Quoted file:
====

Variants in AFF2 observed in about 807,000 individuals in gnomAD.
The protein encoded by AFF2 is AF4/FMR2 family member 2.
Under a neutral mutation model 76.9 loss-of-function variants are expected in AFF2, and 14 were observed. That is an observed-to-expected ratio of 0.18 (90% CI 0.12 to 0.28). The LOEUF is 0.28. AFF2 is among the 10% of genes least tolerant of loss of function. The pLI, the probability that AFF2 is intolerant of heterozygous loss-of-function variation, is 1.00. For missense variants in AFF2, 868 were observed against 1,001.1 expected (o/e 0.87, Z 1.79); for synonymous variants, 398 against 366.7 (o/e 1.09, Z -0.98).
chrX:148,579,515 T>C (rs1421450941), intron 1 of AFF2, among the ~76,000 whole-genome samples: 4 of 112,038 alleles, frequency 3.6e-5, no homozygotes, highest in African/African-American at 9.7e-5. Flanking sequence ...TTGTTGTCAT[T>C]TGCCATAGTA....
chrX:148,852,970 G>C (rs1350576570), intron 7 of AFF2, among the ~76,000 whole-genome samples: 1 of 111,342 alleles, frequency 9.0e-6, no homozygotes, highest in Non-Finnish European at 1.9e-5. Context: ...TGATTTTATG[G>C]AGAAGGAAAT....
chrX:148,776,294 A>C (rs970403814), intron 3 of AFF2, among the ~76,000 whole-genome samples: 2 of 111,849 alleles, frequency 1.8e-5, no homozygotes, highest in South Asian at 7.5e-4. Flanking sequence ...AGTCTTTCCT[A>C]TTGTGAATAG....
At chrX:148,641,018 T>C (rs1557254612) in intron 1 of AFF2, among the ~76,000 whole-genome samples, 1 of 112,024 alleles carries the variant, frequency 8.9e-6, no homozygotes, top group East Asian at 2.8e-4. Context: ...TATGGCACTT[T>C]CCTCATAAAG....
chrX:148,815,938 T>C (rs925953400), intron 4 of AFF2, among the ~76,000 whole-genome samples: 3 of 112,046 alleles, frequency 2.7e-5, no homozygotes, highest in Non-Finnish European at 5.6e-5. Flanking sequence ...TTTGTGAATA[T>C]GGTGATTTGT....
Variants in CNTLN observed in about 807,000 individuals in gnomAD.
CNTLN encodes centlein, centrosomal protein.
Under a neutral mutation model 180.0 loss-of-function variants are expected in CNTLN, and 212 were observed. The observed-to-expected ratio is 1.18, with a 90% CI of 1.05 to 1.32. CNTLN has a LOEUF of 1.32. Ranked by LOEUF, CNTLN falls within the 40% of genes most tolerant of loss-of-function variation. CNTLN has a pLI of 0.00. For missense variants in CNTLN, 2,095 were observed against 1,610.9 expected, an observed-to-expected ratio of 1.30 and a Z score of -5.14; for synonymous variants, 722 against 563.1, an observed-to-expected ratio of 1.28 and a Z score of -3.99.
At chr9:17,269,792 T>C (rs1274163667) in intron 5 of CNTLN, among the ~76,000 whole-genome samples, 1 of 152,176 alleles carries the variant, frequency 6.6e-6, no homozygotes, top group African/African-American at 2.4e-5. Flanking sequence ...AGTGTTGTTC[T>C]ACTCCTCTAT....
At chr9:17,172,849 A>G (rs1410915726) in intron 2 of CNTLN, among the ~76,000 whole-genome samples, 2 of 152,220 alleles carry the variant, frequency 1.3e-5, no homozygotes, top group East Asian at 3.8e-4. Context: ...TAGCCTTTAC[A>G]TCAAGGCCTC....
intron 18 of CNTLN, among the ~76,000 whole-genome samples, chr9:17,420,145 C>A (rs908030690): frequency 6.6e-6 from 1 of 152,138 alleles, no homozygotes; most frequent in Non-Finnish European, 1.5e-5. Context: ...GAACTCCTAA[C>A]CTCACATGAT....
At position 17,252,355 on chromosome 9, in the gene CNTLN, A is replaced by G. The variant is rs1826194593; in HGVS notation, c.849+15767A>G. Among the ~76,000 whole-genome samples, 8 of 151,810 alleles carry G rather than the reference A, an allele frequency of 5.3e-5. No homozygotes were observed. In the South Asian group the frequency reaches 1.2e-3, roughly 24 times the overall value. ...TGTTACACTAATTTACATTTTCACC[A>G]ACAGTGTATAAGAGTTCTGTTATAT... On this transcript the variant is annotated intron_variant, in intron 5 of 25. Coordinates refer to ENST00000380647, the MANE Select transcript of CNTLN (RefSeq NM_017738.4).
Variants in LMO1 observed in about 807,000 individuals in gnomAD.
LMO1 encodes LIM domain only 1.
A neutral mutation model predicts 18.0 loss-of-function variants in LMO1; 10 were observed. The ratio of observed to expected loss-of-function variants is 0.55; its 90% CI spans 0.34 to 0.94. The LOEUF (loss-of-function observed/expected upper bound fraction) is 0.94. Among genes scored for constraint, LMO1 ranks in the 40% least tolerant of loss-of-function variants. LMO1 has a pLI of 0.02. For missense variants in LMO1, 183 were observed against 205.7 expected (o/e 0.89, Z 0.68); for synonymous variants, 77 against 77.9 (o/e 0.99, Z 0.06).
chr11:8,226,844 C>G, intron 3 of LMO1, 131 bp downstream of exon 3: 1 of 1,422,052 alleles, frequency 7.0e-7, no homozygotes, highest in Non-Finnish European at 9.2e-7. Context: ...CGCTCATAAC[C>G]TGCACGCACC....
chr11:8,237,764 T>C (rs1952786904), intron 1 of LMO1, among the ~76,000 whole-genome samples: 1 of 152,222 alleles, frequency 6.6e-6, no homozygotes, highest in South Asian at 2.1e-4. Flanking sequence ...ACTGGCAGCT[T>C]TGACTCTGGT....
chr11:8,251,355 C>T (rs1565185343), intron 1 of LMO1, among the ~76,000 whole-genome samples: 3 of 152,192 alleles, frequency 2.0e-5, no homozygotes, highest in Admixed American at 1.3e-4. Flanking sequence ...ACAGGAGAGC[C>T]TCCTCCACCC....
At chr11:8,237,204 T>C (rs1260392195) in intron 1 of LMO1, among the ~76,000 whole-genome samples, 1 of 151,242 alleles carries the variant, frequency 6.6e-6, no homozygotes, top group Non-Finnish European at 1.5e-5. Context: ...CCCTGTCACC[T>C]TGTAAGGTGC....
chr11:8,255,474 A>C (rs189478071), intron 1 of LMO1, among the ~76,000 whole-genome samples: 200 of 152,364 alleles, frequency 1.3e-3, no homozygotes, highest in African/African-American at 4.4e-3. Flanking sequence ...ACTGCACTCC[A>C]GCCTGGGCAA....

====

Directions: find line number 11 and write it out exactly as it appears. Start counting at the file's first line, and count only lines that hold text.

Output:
Under a neutral mutation model 180.0 loss-of-function variants are expected in CNTLN, and 212 were observed. The observed-to-expected ratio is 1.18, with a 90% CI of 1.05 to 1.32. CNTLN has a LOEUF of 1.32. Ranked by LOEUF, CNTLN falls within the 40% of genes most tolerant of loss-of-function variation. CNTLN has a pLI of 0.00. For missense variants in CNTLN, 2,095 were observed against 1,610.9 expected, an observed-to-expected ratio of 1.30 and a Z score of -5.14; for synonymous variants, 722 against 563.1, an observed-to-expected ratio of 1.28 and a Z score of -3.99.